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3 Strategies to Motivate Employees at Work

by Parth Shah posted on 26th February 2019 2 0


I was always keen on understanding what drove employees at work. My study brought me to a very interesting report. The report was primarily a study on employee motivation carried out by TinyPulse - a company known for its employee engagement surveys.



On analyzing over two lac anonymous employees, they derived at the list of factors (Presented in the graphical chart below) that actually motivated employees at work and led them to go an extra mile to achieve something.



Employee motivation factors


It is quite surprising to note that the weighting given to "Money & benefits" as a motivation-factor by employees was 7% ONLY. This may not be the exact same in an Indian context but surely disrupts our assumption.


While we predominantly think that external rewards are one of the key factors in pushing the employee to get more done, the study shows otherwise.


Does this mean we should reverse our reward structures to motivate them?


Well, I don't think so. Money can really motivate the employees but to some level. Here's what can motivate them further from a long term perspective.


Let's talk about the TOP THREE motivators (from the Graph above) and how working on these factors can become a game changer for any organization as far as employee's motivation is considered.


1. Hire predominantly motivated people


The factor that Top's the list of factors that motivate employees is camaraderie/peer motivation. You might want to ask "why would people around me have such a strong influence over my motivation level?"


That's because of the mutual trust and friendship we have built with them over a period of time. Whether or not we like it, we as humans are largely influenced by the company we choose. Hence, In today's work environment, the impact of peers is too great to ignore.



Now that we know that the people we hire influences us the most, how do we ensure they will ‘motivate’ others? The answer is as simple as this. It's been said, "If you want shiny, happy people, then hire shiny, happy people."


The team you build over a period of time matters the most. So you must intentionally find employees who are predominately (and sincerely) motivated and do not require much push from the outside. Imagine, even a few such employees can significantly bring up the motivation level of others in the organization working around them.


2. Share company's purpose with your employees


If the employee is aware of what he or she is working towards from the wider perspective of the organization, they are likely to be more aligned with the organization's purpose and will somewhere know what they are doing is rightfully making a contribution out there or doing good. (Refer to the second most ranked factor on the pie chart)


employees dont know what their companies stand for


By purpose, I don't mean any purpose. The purpose that drives you to work and why you do what you do. If you are the HR manager, you can have your own purpose, but its good to have the organization's purpose aligned in the message that is shared with the employees.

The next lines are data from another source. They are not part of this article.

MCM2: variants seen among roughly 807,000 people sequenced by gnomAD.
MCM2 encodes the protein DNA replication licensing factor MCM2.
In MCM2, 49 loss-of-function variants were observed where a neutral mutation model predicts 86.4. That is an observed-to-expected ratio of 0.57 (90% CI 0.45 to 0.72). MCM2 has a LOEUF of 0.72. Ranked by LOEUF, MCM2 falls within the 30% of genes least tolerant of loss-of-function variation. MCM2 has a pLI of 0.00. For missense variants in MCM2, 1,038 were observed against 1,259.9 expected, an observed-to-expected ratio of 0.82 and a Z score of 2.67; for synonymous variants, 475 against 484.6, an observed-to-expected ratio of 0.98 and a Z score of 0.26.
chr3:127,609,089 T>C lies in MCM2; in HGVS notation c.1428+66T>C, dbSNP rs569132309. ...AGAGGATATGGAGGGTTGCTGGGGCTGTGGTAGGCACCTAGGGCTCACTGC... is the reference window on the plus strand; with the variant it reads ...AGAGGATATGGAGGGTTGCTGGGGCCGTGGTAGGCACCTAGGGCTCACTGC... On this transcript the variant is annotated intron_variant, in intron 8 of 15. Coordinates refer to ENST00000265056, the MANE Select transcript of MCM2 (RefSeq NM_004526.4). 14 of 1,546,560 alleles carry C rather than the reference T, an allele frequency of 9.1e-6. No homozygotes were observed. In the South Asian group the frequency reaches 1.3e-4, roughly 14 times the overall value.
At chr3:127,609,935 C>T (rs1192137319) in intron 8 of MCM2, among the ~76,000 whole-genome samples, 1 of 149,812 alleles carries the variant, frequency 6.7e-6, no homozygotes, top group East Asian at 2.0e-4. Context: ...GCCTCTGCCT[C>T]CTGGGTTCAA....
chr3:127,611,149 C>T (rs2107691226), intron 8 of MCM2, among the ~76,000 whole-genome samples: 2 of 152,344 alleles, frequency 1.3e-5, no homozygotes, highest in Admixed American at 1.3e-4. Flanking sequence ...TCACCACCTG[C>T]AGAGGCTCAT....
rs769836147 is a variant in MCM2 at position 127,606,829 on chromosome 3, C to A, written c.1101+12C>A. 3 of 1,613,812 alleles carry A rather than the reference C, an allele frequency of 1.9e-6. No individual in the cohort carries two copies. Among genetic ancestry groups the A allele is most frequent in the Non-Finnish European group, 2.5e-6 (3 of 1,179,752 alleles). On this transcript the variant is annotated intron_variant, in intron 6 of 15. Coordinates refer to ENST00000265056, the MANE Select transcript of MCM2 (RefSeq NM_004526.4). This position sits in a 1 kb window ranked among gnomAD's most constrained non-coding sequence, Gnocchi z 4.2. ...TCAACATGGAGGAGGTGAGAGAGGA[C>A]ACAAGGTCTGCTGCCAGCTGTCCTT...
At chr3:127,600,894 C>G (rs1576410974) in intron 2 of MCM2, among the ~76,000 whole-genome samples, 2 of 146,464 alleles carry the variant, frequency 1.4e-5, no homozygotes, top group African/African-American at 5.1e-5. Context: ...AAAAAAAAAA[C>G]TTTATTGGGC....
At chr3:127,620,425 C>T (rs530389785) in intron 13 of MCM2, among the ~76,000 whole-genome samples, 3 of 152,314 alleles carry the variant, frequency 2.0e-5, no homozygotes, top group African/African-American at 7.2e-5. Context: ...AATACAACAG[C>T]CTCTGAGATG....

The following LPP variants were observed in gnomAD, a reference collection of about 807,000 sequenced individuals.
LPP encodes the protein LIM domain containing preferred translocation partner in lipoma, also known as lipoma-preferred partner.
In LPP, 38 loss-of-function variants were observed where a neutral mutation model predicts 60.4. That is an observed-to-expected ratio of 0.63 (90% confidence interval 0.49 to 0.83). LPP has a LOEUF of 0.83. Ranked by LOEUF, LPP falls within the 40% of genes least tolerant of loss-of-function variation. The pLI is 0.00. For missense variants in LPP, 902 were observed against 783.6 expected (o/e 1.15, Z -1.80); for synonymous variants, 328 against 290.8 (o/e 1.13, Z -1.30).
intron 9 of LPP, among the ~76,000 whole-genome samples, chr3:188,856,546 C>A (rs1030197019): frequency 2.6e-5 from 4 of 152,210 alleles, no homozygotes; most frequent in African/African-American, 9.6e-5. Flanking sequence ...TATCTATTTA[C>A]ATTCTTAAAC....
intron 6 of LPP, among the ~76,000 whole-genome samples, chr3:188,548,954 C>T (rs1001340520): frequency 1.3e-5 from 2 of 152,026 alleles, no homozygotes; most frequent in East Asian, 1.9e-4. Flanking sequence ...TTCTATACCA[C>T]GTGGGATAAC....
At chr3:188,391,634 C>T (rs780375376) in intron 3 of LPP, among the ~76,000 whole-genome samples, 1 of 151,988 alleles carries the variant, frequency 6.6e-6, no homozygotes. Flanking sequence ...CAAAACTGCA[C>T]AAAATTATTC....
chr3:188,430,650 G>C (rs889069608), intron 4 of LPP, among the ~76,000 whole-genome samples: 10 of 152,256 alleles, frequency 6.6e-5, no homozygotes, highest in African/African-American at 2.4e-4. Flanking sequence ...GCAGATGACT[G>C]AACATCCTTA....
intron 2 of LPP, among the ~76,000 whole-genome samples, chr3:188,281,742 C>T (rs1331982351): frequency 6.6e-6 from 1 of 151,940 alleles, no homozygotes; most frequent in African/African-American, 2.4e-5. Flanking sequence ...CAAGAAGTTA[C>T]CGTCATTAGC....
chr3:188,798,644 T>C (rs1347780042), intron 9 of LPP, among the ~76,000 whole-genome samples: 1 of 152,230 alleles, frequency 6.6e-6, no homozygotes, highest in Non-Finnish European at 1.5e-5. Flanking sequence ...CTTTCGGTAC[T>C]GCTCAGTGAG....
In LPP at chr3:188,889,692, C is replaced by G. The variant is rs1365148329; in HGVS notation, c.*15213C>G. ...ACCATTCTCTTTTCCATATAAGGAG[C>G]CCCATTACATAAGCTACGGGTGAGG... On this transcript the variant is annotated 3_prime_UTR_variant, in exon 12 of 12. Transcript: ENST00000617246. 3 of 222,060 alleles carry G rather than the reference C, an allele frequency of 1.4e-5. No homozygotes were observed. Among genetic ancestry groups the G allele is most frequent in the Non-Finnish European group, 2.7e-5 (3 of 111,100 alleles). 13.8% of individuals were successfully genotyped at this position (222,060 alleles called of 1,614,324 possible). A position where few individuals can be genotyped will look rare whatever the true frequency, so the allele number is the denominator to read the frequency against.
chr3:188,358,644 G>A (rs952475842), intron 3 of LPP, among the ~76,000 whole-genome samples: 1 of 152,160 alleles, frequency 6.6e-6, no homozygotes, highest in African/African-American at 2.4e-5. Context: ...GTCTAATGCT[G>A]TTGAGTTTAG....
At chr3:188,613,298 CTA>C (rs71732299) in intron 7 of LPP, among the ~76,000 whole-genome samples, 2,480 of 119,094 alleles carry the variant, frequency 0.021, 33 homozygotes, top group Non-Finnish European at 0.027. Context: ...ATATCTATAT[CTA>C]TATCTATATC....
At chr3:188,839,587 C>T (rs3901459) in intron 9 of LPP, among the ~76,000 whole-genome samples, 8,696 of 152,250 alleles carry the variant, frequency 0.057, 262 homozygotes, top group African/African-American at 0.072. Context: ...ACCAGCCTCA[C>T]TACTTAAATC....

The best thing to do is keep sharing about the vision and what do you plan to achieve in the next six to twelve months in an email memo to your employees. It's even better to have your “vision & mission statement” framed at the reception or walking passage & have it appear in the website's ‘about us’ page.


If you are not the owner but a manager or an HR manager, you can consider this as a part of your responsibilities to get the management to define it, as you now know that it statistically affects employee's motivation.


You can know more about how to define and articulate your purpose here.


3. Play the game of appreciation


“The deepest principle in human nature is the craving to be appreciated.” No doubt the third highest reason for employees to feel motivated at work is to be appreciated, valued and encouraged by their management and peers.


‘The one thing I like about you’ game can make a winning difference while instantly uplifting the employee's morale and making the employee feel valued and recognized within the peers and in the company.


How do you Play?


1. Arrange a round table conference where everyone from the company or department/project come together and sit. Start with a few light, fun games that lighten the atmosphere and opens up everyone to mix.


2. Write chits with each employee's name and ask any employee to pick one chit. The employee has to share ‘one good thing’ that he/she genuinely appreciate about the person whose name in written in the chit.


employees appreciating each other


3. Pass the bowl of chits until everyone is covered.


By the end of the game, you can simply ask the employees to share the quality they see of their peers without the help of chits. This way, every employee will see the qualities they admire in others around them also get inspired by receiving acknowledgment about their good work and qualities.


The Take Away


These simple acts, as mentioned above, can significantly uplift employee motivation and drive engagement at work. The first pie chart that talked about ‘the factors that motivated employees at work’ can give you more ideas about ways in which you can engage with them and create a work culture that truly motivates your employees.


Resources: Read the book Start with Why ‐ By Simon Sinek (Explains the importance of identifying the company's purpose in order to inspire others)


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